The software utility Cron is a time-based job scheduler in Unix-like computer operating systems. People who set up and maintain software environments use cron to schedule jobs (commands or shell scripts) to run periodically at fixed times, dates, or intervals. It typically automates system maintenance or administration—though its general-purpose nature makes it useful for things like connecting to the Internet and downloading email at regular intervals.
Normally, CRONIE is installed by default in Linux-Based OS. However, CRONIE is not enable by default in new ARCH LINUX INSTALLATION. This can be checked by digiting in your terminal:
Cronie systemd service must be started and enabled via
systemctl by root
Now, you have to edit your crontab via:
For example to run a command every Monday at 8:00 AM:
In this way you can decide the exact time of the command execution. If you want to run a command at every defined number of minutes ( or hours, day, etc. ) you have to write
*/ before the chosen number (in the example below the command is run every 5 minutes).
SETTING A CRON JOB FOR THE LAST DAY OF THE MONTH
If you want to run a command at 09:00 in the first day of the month, you have to set the third option to 1, as follow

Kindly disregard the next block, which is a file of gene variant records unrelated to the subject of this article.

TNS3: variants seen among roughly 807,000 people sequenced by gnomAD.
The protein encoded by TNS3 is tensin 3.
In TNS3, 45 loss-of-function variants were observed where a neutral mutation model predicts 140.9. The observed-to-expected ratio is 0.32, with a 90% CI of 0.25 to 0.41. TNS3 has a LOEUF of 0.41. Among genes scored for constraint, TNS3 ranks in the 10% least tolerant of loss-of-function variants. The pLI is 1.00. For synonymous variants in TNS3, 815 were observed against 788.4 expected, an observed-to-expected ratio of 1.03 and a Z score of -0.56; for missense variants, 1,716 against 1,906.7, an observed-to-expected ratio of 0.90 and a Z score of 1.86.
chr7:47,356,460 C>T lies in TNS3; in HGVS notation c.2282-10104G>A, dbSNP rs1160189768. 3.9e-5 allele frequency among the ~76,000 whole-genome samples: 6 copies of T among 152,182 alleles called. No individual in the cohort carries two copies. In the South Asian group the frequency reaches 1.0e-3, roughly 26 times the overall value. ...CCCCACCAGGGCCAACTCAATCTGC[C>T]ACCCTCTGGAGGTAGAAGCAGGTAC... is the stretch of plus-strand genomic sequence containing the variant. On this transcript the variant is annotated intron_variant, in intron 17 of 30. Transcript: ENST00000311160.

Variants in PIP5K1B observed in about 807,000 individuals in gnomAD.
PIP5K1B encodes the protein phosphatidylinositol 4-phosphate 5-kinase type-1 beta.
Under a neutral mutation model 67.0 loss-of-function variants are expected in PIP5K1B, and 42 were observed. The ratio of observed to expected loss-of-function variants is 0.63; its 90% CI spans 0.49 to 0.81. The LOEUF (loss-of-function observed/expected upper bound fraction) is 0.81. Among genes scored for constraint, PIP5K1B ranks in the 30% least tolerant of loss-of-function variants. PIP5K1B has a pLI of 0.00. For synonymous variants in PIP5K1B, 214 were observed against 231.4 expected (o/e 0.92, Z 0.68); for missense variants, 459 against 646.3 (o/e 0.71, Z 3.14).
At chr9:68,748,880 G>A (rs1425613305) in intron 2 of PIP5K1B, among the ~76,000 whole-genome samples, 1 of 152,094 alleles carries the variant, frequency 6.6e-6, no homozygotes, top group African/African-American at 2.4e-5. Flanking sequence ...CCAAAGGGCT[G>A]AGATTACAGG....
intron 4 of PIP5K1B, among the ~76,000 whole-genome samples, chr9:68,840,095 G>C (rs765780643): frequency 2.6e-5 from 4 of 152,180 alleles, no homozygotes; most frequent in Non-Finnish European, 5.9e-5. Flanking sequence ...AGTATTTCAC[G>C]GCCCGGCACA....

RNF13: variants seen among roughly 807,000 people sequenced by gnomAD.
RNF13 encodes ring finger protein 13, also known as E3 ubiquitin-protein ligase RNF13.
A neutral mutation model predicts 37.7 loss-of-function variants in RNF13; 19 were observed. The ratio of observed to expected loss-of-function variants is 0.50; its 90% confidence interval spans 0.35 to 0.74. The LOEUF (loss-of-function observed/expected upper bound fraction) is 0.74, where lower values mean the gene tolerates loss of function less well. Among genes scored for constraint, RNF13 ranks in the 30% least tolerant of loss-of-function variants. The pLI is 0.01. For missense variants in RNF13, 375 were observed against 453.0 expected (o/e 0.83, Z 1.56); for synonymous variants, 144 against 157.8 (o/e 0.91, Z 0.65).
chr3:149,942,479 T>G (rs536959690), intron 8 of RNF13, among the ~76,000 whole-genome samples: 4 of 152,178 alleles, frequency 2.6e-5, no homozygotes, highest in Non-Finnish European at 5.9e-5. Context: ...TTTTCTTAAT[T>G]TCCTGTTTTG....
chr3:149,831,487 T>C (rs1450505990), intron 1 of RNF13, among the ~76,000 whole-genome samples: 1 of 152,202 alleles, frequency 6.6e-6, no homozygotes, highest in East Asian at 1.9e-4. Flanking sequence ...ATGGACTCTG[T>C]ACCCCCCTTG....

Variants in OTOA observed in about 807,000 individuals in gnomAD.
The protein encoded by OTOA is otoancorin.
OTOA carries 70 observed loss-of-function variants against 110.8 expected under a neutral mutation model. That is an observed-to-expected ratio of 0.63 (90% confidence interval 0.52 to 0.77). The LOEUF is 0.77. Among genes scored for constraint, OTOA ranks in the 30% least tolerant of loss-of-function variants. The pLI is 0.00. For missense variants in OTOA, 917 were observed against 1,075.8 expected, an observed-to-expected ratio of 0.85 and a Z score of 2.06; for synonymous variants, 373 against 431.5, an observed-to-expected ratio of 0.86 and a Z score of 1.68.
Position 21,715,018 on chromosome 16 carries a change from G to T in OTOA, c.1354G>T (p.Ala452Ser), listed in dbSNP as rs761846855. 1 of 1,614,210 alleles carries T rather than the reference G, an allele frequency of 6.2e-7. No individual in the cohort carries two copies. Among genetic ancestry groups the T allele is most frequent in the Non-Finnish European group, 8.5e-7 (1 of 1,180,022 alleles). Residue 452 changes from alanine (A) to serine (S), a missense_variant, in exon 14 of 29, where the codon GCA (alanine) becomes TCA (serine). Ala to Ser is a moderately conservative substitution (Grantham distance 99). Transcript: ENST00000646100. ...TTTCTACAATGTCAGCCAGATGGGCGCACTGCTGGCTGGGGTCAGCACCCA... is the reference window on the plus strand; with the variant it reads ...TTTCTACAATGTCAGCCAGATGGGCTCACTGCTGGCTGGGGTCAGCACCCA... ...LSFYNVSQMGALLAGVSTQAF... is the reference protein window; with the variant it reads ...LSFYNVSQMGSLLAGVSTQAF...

But if you have to run a command or a script at 09:00 in the last day of the month, what can you do? The last day of the month could be 30, 31, 28 or sometimes even 29. So, you can write as follow:
the command will be executed at the 28-th, 29-th, 30-th and 31-th day of the month. How is possible to choose which is the last day between the four days before cited?
Only one thing is always true about the last day of the month: the following day is the first! Thus, once you have verified that tomorrow is the first day of the month, you are sure that today is the last.
The bash command
will give you the current date as a two character number. To get the number of tomorrow:
If that mastches “01”, tomorrow is the first so today is the last day of the month
The square brackets will result in either true or false. If the command between square brackets comes back false, the second command won’t be run. So, only when the command between square brackets come back true, the second command will be run.
The complete crontab will result: